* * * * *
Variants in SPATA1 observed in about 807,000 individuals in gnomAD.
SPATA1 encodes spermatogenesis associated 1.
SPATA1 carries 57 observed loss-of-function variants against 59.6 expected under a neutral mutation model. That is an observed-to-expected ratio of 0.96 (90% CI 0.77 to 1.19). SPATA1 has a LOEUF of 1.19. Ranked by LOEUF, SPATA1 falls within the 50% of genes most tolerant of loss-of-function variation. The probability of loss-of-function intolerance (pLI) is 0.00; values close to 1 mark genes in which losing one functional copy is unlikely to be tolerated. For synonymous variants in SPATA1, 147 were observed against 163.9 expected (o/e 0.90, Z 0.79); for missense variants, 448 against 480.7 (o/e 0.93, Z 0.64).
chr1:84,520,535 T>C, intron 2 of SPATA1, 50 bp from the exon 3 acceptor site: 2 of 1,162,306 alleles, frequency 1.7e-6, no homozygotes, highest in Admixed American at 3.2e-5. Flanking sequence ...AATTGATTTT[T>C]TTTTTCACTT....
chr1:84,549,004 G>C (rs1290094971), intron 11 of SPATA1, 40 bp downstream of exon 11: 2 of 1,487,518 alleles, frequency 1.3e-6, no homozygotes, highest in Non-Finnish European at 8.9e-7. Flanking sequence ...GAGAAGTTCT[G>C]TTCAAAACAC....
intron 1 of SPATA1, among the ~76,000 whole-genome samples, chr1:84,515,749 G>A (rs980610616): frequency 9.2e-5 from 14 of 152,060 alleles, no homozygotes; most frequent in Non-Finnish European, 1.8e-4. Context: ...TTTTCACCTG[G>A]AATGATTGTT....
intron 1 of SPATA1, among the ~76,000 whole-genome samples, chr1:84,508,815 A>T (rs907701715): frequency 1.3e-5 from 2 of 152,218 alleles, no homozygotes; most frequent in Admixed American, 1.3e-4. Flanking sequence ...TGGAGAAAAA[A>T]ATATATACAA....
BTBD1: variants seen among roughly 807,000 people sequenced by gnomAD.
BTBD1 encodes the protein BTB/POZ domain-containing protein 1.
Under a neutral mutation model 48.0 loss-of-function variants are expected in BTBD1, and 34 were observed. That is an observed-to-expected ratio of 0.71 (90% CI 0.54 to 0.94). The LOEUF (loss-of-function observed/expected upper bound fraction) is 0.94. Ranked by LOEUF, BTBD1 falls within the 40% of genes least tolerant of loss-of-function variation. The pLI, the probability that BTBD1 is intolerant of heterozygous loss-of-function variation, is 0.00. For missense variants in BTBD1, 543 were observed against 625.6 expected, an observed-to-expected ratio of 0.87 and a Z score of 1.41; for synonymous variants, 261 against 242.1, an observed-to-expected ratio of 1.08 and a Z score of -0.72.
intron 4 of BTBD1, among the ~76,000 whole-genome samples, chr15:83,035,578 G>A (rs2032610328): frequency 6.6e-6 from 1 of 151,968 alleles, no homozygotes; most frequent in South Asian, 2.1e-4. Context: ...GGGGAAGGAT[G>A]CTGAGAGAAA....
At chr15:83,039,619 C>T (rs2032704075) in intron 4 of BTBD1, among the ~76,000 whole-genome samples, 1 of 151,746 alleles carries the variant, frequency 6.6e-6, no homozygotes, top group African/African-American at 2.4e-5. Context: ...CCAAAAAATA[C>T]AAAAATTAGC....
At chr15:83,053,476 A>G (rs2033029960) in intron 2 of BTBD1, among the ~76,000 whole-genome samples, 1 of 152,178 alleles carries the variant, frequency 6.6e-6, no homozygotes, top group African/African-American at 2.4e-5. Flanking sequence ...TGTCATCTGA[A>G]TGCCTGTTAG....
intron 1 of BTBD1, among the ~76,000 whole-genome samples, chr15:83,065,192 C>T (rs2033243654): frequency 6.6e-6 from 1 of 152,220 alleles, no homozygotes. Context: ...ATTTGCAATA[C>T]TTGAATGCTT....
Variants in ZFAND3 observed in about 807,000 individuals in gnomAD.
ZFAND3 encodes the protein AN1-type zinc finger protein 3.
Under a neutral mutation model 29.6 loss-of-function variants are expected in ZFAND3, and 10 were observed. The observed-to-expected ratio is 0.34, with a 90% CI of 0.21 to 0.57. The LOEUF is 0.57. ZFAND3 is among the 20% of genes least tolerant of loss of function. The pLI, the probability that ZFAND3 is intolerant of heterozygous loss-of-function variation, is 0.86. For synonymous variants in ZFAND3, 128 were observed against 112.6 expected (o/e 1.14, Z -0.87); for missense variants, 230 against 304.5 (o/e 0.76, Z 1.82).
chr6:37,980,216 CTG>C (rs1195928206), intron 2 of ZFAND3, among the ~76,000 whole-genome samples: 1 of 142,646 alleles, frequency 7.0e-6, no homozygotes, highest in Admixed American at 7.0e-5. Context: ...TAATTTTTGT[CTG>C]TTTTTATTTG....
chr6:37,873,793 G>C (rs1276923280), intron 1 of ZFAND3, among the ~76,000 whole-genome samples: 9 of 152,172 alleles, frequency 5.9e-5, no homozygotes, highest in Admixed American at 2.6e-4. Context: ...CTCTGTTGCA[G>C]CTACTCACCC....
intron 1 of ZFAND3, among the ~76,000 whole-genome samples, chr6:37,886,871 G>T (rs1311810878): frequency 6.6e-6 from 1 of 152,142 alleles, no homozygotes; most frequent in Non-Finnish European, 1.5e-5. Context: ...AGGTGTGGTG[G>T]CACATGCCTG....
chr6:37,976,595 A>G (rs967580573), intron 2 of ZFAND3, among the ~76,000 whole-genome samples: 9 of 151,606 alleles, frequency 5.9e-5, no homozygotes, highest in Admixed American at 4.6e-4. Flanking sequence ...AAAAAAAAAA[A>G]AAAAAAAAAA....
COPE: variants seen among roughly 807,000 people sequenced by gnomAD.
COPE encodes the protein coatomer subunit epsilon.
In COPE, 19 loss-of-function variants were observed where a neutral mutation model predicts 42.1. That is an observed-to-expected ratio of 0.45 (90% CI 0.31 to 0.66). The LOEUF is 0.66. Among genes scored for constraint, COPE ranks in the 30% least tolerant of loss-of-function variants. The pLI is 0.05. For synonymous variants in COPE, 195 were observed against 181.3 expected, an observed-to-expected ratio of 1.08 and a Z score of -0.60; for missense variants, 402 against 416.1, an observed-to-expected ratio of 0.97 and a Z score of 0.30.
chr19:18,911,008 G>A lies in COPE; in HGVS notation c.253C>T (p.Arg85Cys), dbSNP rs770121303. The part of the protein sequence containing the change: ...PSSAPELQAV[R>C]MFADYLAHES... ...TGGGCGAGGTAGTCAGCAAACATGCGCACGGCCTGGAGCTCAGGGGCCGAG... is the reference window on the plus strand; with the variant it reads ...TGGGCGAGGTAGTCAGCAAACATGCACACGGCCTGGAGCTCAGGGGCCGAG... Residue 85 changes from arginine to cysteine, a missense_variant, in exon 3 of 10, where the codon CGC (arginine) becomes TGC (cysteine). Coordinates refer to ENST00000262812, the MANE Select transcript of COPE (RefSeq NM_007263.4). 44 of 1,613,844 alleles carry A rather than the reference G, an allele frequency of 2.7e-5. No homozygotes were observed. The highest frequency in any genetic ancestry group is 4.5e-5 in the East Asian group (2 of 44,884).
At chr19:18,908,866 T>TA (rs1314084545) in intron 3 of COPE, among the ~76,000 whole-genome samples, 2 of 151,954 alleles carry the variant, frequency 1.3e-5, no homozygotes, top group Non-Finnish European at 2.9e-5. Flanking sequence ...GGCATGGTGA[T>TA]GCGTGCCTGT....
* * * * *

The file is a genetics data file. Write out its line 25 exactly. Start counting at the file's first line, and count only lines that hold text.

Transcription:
chr19:18,911,008 G>A lies in COPE; in HGVS notation c.253C>T (p.Arg85Cys), dbSNP rs770121303. The part of the protein sequence containing the change: ...PSSAPELQAV[R>C]MFADYLAHES... ...TGGGCGAGGTAGTCAGCAAACATGCGCACGGCCTGGAGCTCAGGGGCCGAG... is the reference window on the plus strand; with the variant it reads ...TGGGCGAGGTAGTCAGCAAACATGCACACGGCCTGGAGCTCAGGGGCCGAG... Residue 85 changes from arginine to cysteine, a missense_variant, in exon 3 of 10, where the codon CGC (arginine) becomes TGC (cysteine). Coordinates refer to ENST00000262812, the MANE Select transcript of COPE (RefSeq NM_007263.4). 44 of 1,613,844 alleles carry A rather than the reference G, an allele frequency of 2.7e-5. No homozygotes were observed. The highest frequency in any genetic ancestry group is 4.5e-5 in the East Asian group (2 of 44,884).